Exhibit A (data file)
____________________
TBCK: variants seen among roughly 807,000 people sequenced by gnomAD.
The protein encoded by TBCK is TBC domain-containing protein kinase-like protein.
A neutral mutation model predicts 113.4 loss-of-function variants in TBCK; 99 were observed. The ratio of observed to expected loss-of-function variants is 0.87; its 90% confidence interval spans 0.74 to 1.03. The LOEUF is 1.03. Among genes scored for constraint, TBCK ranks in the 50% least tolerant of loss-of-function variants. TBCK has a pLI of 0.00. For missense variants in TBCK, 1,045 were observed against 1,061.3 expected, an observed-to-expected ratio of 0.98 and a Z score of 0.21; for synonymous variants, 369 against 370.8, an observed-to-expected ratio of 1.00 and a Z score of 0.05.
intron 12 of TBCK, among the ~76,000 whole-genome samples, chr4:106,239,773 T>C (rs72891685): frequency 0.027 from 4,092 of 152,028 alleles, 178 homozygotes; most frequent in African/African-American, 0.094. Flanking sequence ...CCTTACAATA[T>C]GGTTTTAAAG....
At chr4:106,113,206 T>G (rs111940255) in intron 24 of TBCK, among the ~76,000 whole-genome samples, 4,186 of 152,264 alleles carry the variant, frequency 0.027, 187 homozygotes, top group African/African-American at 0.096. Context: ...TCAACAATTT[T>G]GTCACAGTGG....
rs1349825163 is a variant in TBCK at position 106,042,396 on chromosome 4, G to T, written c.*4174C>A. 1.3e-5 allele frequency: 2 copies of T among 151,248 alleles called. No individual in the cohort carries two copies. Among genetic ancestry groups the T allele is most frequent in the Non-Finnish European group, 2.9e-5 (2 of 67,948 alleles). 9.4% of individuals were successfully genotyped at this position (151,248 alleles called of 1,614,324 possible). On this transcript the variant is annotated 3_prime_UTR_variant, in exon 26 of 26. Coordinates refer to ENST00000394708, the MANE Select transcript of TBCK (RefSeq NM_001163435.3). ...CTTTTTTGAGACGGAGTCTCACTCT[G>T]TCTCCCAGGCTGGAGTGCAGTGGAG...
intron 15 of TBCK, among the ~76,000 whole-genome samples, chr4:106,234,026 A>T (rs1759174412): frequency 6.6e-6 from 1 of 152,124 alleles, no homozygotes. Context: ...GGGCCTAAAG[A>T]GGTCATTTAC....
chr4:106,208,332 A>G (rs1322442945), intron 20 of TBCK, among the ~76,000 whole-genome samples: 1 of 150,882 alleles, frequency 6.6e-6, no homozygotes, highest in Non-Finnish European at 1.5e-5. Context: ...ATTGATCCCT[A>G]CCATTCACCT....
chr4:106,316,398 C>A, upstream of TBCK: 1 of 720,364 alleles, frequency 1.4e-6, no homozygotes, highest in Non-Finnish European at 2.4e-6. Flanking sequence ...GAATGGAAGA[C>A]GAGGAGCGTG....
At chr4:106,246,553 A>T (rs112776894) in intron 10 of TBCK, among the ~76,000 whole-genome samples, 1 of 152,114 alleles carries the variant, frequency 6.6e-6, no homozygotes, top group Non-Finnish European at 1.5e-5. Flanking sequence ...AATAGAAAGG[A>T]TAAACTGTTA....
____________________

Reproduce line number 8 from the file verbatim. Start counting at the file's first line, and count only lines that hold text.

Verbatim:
chr4:106,208,332 A>G (rs1322442945), intron 20 of TBCK, among the ~76,000 whole-genome samples: 1 of 150,882 alleles, frequency 6.6e-6, no homozygotes, highest in Non-Finnish European at 1.5e-5. Context: ...ATTGATCCCT[A>G]CCATTCACCT....